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#6 John Pytlak RIP

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Posted 12 September 2005 - 10:02 PM

Thanks for the info, John and David.

While I've got your ear, John (and anyone else), I should mention the unintended stock comparison I did on my last film shoot. I ordered 7218, and after shooting the first roll I glanced at the camera report and saw the stock listed as 7279. The production had picked up the wrong film! We sent someone out to exchange the stock while we finished the scene on the 79. The rest of the interiors were shot on the newer vision two stock, and I have to say I find the older stock to be crisper, and  "bolder," than the vision two film, which strikes me as more lush, finer grained, but a little softer, and less dramatic ... Anyway, apologies for sounding like a wine taster. Any response from Kodak?

<{POST_SNAPBACK}>


The difference in tone scale and color palette is subtle, but most prefer the VISION2 "look". I really like the way the VISION2 films handle scenes with a mix of flesh tones. Certainly when comparing 7218 and 7279, the grain improvement is obvious.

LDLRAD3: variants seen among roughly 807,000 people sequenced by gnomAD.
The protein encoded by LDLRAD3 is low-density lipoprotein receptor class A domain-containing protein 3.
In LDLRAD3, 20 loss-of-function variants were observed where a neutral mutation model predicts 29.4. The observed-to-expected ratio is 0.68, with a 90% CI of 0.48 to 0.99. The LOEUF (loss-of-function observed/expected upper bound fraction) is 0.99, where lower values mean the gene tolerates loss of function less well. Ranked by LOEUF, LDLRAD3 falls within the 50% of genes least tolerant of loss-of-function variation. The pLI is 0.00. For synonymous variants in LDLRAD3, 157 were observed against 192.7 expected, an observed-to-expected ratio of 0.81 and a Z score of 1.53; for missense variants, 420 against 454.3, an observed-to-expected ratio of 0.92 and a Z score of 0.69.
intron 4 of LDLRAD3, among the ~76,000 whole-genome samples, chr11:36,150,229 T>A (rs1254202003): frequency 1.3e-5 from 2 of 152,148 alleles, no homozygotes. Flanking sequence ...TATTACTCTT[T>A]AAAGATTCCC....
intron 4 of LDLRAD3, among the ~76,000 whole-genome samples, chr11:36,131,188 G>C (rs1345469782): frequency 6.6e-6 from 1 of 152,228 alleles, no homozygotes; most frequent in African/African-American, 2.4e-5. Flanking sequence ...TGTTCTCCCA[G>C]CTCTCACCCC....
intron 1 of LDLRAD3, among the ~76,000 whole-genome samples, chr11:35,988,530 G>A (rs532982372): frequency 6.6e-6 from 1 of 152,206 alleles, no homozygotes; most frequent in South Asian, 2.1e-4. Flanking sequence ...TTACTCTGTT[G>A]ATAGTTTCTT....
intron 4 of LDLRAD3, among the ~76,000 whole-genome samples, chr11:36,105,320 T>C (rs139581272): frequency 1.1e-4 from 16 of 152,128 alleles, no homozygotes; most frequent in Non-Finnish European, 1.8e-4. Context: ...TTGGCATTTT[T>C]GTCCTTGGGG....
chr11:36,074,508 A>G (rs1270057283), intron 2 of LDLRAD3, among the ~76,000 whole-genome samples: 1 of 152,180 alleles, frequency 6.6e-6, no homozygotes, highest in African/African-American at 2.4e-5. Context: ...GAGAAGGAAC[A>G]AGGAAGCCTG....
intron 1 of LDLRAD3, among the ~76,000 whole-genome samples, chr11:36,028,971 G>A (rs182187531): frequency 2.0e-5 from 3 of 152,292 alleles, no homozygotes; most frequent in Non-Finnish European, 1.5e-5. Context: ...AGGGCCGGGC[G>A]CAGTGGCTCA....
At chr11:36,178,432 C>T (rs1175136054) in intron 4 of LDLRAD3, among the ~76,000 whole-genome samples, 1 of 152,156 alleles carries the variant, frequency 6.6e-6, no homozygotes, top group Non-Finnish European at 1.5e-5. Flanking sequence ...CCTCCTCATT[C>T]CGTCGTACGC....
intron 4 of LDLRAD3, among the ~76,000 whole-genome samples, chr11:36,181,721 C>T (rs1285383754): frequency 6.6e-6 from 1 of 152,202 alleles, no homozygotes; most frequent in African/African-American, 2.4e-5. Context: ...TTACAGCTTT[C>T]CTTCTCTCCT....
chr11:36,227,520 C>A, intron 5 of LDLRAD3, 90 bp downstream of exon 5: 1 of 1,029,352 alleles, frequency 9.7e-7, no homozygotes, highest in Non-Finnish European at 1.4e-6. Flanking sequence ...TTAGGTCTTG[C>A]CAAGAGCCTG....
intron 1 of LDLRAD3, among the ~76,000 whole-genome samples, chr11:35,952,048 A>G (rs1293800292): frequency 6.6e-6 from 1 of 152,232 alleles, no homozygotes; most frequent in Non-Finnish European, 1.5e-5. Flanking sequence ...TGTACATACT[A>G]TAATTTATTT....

And now you soon will have a new member of the Kodak VISION2 family:

http://www.cinematog...asp?newsID=8764 Kodak at IBC

The company is also previewing images recorded with the new KODAK VISION2 50D
5201/7201 color negative film, which is scheduled to be available in all
formats in October. Mayson says the new negative is designed to give
cinematographers more creative latitude while filming high-contrast exterior
scenes in bright daylight as well as shots in mixed color temperatures. The
film is also optimized as a recorder output film.

The new emulsion will be the sixth member of the Kodak VISION2 family of
films, which was introduced in November 2002. The others are KODAK VISION2
500T 5218/7218, KODAK VISION2 100T 5212/7212, KODAK VISION2 200T 5217/7217,
KODAK VISION2 250D 5205/7205, and KODAK VISION2 500T Expression 5229/7229.


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Glidecam

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rebotnix Technologies

Aerial Filmworks